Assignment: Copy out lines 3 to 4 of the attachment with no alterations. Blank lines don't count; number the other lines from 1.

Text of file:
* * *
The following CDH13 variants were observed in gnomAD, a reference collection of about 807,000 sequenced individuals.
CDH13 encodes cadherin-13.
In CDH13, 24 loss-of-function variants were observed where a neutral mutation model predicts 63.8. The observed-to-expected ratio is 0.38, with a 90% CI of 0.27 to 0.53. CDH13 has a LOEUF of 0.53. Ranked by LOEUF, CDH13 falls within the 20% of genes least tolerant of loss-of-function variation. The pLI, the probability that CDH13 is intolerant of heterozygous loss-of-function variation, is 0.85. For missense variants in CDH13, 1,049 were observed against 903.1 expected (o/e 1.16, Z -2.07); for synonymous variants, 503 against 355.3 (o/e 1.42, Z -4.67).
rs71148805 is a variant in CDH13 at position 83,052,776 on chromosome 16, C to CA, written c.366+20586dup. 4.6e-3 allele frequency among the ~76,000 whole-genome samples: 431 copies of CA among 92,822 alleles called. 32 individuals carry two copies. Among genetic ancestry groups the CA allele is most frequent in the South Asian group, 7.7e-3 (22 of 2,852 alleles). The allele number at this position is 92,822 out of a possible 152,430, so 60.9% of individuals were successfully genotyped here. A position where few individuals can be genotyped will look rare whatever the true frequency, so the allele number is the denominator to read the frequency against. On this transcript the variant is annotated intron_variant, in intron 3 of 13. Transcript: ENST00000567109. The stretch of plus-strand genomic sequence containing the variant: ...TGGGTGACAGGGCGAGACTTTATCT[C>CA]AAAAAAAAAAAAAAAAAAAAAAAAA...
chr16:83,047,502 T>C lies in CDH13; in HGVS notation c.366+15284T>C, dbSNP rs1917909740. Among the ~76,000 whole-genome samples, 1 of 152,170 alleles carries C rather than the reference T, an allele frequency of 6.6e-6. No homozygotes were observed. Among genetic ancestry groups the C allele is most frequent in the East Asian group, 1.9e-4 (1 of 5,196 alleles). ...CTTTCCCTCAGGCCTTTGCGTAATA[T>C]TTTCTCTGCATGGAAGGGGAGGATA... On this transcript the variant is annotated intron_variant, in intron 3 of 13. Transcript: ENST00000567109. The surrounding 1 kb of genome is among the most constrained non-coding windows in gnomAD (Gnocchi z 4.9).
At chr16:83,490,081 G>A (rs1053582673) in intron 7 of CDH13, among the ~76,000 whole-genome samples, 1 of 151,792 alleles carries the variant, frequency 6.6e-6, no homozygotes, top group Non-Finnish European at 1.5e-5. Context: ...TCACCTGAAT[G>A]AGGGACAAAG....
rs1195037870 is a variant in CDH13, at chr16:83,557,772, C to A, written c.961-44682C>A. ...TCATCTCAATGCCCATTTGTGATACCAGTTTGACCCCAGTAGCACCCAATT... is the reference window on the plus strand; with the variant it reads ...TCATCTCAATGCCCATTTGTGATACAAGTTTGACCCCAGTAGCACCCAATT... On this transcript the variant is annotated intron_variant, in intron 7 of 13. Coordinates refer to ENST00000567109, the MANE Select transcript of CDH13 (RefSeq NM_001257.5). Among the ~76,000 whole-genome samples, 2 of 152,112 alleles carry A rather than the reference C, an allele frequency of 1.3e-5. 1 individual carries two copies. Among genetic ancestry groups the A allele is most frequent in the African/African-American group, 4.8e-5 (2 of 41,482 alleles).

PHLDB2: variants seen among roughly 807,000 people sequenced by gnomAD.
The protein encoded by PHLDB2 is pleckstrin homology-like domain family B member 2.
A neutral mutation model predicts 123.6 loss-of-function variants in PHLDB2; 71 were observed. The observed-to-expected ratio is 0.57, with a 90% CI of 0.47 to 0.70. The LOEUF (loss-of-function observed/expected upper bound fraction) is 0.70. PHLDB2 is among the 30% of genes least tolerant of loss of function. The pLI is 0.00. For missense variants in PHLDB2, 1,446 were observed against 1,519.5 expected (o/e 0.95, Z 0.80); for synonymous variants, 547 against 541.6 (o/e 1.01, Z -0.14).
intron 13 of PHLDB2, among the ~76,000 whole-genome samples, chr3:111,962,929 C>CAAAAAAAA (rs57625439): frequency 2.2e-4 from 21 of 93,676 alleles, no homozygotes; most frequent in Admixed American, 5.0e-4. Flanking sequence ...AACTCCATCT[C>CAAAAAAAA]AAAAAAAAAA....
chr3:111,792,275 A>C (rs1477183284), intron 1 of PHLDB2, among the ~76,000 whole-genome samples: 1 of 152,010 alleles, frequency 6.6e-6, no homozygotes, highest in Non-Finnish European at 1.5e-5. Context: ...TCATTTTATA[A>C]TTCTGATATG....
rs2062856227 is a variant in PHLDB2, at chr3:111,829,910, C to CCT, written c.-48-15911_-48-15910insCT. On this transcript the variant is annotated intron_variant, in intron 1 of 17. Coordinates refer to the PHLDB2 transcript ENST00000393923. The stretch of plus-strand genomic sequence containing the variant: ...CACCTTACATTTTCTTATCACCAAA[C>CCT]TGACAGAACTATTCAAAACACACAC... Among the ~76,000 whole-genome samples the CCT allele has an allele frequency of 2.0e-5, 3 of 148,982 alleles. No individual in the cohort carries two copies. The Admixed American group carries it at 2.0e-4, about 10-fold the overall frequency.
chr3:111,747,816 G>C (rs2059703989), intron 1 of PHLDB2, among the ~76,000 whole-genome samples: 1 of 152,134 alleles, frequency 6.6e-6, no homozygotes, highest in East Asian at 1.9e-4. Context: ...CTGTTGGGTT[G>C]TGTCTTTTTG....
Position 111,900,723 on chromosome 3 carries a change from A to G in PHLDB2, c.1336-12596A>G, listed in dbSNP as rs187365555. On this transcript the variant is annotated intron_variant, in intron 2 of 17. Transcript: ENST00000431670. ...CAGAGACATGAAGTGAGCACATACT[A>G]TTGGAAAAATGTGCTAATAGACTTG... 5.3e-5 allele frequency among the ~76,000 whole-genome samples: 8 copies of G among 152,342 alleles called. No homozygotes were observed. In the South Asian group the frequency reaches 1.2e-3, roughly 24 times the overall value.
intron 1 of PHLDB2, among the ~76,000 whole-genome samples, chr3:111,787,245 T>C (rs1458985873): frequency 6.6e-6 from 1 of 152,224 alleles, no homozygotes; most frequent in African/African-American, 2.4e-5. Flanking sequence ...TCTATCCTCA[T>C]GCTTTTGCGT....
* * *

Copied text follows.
In CDH13, 24 loss-of-function variants were observed where a neutral mutation model predicts 63.8. The observed-to-expected ratio is 0.38, with a 90% CI of 0.27 to 0.53. CDH13 has a LOEUF of 0.53. Ranked by LOEUF, CDH13 falls within the 20% of genes least tolerant of loss-of-function variation. The pLI, the probability that CDH13 is intolerant of heterozygous loss-of-function variation, is 0.85. For missense variants in CDH13, 1,049 were observed against 903.1 expected (o/e 1.16, Z -2.07); for synonymous variants, 503 against 355.3 (o/e 1.42, Z -4.67).
rs71148805 is a variant in CDH13 at position 83,052,776 on chromosome 16, C to CA, written c.366+20586dup. 4.6e-3 allele frequency among the ~76,000 whole-genome samples: 431 copies of CA among 92,822 alleles called. 32 individuals carry two copies. Among genetic ancestry groups the CA allele is most frequent in the South Asian group, 7.7e-3 (22 of 2,852 alleles). The allele number at this position is 92,822 out of a possible 152,430, so 60.9% of individuals were successfully genotyped here. A position where few individuals can be genotyped will look rare whatever the true frequency, so the allele number is the denominator to read the frequency against. On this transcript the variant is annotated intron_variant, in intron 3 of 13. Transcript: ENST00000567109. The stretch of plus-strand genomic sequence containing the variant: ...TGGGTGACAGGGCGAGACTTTATCT[C>CA]AAAAAAAAAAAAAAAAAAAAAAAAA...